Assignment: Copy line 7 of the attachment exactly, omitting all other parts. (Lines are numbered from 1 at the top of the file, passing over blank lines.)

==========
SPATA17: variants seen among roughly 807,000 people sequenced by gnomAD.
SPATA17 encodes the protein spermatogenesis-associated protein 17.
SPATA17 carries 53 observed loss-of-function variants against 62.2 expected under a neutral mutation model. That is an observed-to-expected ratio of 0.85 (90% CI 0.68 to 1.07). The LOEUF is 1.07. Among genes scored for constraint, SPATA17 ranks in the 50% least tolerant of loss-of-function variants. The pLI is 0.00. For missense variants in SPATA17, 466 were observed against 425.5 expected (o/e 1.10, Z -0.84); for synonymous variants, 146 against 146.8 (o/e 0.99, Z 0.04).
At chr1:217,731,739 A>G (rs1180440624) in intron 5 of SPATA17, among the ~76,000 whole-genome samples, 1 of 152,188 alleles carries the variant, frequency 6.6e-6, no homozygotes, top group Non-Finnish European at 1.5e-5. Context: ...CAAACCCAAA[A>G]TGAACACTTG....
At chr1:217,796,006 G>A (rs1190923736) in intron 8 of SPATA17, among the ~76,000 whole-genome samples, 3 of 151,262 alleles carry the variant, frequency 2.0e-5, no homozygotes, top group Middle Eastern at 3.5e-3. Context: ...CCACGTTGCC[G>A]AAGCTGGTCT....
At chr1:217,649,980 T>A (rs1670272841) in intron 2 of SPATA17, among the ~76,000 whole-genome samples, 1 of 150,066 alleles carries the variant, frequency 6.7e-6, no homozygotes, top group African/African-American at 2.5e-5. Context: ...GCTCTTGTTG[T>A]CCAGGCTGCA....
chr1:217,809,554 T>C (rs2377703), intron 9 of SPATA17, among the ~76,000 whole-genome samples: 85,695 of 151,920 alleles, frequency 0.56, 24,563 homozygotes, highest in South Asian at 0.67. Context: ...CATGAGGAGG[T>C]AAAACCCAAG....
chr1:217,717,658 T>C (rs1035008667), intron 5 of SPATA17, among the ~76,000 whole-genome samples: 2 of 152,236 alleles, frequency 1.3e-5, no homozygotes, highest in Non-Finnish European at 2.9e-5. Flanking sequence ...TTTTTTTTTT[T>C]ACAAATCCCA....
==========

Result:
chr1:217,809,554 T>C (rs2377703), intron 9 of SPATA17, among the ~76,000 whole-genome samples: 85,695 of 151,920 alleles, frequency 0.56, 24,563 homozygotes, highest in South Asian at 0.67. Context: ...CATGAGGAGG[T>C]AAAACCCAAG....